In Fear
R2 - United Kingdom - Studio Canal
Review written by and copyright: Samuel Scott (9th February 2014).
The Film

***This is a technical review only. For reviews on the movie from various critics, we recommend visiting HERE.***

From the makers of Sightseers and Attack the Block.

Driving to a music festival, Tom (Iain De Caestecker, Filth) and Lucy (Alice Englert, Beautiful Creatures) have plans to stay at a remote countryside hotel. But then signs lead them in circles and they are soon trapped in a maze of back-roads, with only their vehicle for protection from an unseen tormentor hell-bent on exploiting their worst nightmares. Driving, lost and tormented in the night, primal fears of the dark and unknown become real, as the couple realise they may have let the evil in, or that it was always there.

You'll be left In Fear.


Studio Canal's DVD release of British chiller "In Fear" is in the original aspect ratio of 2.35:1. The transfer has been anamorphically enhanced, and considering the vast majority of the feature takes place in the dark, it's not bad at all.

Filmed using a mixture of the Arri Alexa camera system, and even the well known dash cam Go Pro, there is some decent detail for large swathes of the movie, especially with shots made when the camera is stationary. Unfortunately, with a huge percentage of the movie taking place at night, we do suffer from a noticeable lack of shadow detail at times, which is a shame, as it seems we miss out on some of the objects we are supposed to see. There is some minor edge enhancement at times, such as when Lucy goes through a white cardboard box, but it is barely worth mentioning. Aliasing did happen once or twice on clothing, but again, the problem is minor. Colours are okay, but blacks do crush on occasion. Natural lighting was obviously used at times, and so scenes that take place at dusk, have a great feel to them. There are no signs of damage to the transfer at all such as scratches or dirt.

The disc is PAL, and the feature runs 81:25.


There are two audio options available for the feature:
- English Dolby Digital 5.1
- English Dolby Digital 2.0 Stereo

For my viewing, I obviously decided on the English Dolby Digital 5.1 track which was very good indeed. The film relies heavily on reaching, and maintaining, a tense atmosphere in order to work, and it does this through the effective (if basic) score and series of well directed subtle effects. Just some of the effects you can expect to hear around the sound stage are birds cawing and flying away through the brush, wind swirling round, trees and bushes rustling, footsteps, and, one of the best effects, bushes hitting and scraping along the car as it drives down narrow lanes. As the film goes on, you do feel more claustrophobic, thanks to the sound editors capitalising on the Irish back road environments that are used. There's no sign of background hiss, and I noticed no scratches or drop outs.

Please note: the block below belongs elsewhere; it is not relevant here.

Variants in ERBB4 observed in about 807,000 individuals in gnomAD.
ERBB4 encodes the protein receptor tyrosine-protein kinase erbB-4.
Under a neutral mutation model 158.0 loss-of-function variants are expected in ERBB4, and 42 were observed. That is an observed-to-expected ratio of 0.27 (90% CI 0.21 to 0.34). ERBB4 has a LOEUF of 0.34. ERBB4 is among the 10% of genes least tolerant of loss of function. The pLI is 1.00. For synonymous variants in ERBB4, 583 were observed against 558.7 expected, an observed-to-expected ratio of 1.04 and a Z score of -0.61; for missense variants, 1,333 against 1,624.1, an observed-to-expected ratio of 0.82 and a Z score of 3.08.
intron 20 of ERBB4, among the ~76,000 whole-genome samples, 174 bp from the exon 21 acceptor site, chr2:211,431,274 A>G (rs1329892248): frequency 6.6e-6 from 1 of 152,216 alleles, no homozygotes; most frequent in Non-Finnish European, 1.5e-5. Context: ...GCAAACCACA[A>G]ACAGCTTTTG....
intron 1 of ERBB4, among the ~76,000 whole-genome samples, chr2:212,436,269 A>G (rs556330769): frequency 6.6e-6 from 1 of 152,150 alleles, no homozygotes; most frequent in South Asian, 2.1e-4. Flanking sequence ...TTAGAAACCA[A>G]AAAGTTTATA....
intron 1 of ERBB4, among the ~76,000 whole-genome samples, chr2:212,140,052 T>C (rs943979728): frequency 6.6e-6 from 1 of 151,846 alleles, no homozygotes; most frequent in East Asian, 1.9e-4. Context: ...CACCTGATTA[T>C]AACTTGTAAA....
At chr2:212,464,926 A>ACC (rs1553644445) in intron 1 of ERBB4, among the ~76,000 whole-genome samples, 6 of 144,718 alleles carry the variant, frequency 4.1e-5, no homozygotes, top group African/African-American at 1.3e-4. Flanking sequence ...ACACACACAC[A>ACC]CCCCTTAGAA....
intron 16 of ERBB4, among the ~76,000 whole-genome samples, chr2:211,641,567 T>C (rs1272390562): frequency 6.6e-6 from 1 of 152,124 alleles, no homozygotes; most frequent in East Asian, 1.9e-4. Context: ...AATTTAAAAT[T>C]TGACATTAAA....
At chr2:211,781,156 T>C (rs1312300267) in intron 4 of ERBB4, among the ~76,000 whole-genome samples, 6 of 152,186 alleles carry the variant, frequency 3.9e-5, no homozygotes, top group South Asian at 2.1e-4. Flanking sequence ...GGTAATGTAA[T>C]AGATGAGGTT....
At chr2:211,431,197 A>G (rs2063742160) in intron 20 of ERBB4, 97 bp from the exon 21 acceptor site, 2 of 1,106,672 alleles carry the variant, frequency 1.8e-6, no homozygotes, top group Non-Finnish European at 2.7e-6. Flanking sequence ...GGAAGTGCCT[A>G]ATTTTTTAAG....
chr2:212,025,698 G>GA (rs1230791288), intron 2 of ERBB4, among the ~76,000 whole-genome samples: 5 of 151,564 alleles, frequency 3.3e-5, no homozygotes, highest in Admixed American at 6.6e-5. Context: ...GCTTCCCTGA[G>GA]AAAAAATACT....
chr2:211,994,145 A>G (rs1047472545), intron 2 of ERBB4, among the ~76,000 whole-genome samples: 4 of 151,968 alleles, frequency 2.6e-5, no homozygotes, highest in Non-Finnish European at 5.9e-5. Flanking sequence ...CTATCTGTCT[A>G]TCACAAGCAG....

Optional subtitles are available in English for the hard-of-hearing.


The first extra is an audio commentary with director Jeremy Lovering and cast members Alice Englert, Iain de Caestecker, and Allen Leech. It's a relaxed commentary, and nobody really takes charge, leaving all four participants to have an equal opportunity at telling us stories from set, and the general making of. There are one or two quiet moments in the track, but Studio Canal have increased the volume of the film during these brief instances. It's a good commentary, though it could've done with more information on the technical side and the pre-production.

Next up, we have a "Behind the Scenes" documentary, which lasts 52:54. It shows plenty of behind-the-scenes footage and contains a plethora of interviews with various cast and crew members throughout. Interestingly, Allen Leach was not allowed to meet either Alice Englert or Iain De Caestecker until the relevant scenes, so that the director could capture genuine surprise. We learn about the improvisation that happened throughout, and that the cast and crew wouldn't receive orders for what was happening until 1-2 days beforehand, and often the cast and crew would receive different notes so as to really catch an off-guard feeling to the film. The documentary is an interesting look at how "In Fear" was put together, and never crosses into MTV-style back-slapping territory.

Next up, we have music from and inspired by In Fear, by Roly Porter (20:09). This extra is audio only (2.0 Stereo) and is basically a shortened isolated score. The mix is good, but I doubt most will listen to this more than once.

The rest of the extras are self-explanatory.
Stills Gallery
Start-up Trailers:
- "Evil Dead" (2013) (1:56)
- "Sightseers" (2:05)
- "The Last Exorcism: Part II" (2:19)
Theatrical Trailer (1:48)


The Film: B Video: C+ Audio: A- Extras: B- Overall: B


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